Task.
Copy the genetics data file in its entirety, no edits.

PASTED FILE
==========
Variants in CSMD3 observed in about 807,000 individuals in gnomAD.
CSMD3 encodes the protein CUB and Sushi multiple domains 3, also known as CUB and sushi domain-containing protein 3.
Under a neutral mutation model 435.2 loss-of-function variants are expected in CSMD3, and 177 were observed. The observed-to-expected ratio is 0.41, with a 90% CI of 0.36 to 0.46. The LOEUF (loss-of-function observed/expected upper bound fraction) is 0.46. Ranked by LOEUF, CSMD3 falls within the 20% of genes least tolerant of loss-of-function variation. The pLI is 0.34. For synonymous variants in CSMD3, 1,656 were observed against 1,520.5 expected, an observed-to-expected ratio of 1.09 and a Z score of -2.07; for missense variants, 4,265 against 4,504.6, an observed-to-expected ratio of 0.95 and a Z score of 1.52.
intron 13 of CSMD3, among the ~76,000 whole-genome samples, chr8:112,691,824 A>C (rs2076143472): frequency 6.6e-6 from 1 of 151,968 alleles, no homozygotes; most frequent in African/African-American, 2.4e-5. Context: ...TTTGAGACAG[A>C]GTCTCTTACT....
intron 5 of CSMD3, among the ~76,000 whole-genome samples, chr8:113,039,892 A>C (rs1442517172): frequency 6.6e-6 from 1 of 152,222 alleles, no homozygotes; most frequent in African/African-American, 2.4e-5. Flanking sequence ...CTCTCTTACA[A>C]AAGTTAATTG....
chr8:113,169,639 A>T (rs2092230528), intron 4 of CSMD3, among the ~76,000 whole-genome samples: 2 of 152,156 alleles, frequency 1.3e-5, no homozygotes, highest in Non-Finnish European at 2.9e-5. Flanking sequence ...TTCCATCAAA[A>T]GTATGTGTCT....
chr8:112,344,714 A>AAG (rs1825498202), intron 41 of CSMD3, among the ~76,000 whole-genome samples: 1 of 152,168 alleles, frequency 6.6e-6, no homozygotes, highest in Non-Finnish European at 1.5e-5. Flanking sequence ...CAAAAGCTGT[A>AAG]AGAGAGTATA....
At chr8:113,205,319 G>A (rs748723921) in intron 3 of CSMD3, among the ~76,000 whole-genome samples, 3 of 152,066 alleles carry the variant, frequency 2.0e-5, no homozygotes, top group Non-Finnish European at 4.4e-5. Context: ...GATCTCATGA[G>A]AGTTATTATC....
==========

Variants in CSMD3 observed in about 807,000 individuals in gnomAD.
CSMD3 encodes the protein CUB and Sushi multiple domains 3, also known as CUB and sushi domain-containing protein 3.
Under a neutral mutation model 435.2 loss-of-function variants are expected in CSMD3, and 177 were observed. The observed-to-expected ratio is 0.41, with a 90% CI of 0.36 to 0.46. The LOEUF (loss-of-function observed/expected upper bound fraction) is 0.46. Ranked by LOEUF, CSMD3 falls within the 20% of genes least tolerant of loss-of-function variation. The pLI is 0.34. For synonymous variants in CSMD3, 1,656 were observed against 1,520.5 expected, an observed-to-expected ratio of 1.09 and a Z score of -2.07; for missense variants, 4,265 against 4,504.6, an observed-to-expected ratio of 0.95 and a Z score of 1.52.
intron 13 of CSMD3, among the ~76,000 whole-genome samples, chr8:112,691,824 A>C (rs2076143472): frequency 6.6e-6 from 1 of 151,968 alleles, no homozygotes; most frequent in African/African-American, 2.4e-5. Context: ...TTTGAGACAG[A>C]GTCTCTTACT....
intron 5 of CSMD3, among the ~76,000 whole-genome samples, chr8:113,039,892 A>C (rs1442517172): frequency 6.6e-6 from 1 of 152,222 alleles, no homozygotes; most frequent in African/African-American, 2.4e-5. Flanking sequence ...CTCTCTTACA[A>C]AAGTTAATTG....
chr8:113,169,639 A>T (rs2092230528), intron 4 of CSMD3, among the ~76,000 whole-genome samples: 2 of 152,156 alleles, frequency 1.3e-5, no homozygotes, highest in Non-Finnish European at 2.9e-5. Flanking sequence ...TTCCATCAAA[A>T]GTATGTGTCT....
chr8:112,344,714 A>AAG (rs1825498202), intron 41 of CSMD3, among the ~76,000 whole-genome samples: 1 of 152,168 alleles, frequency 6.6e-6, no homozygotes, highest in Non-Finnish European at 1.5e-5. Flanking sequence ...CAAAAGCTGT[A>AAG]AGAGAGTATA....
At chr8:113,205,319 G>A (rs748723921) in intron 3 of CSMD3, among the ~76,000 whole-genome samples, 3 of 152,066 alleles carry the variant, frequency 2.0e-5, no homozygotes, top group Non-Finnish European at 4.4e-5. Context: ...GATCTCATGA[G>A]AGTTATTATC....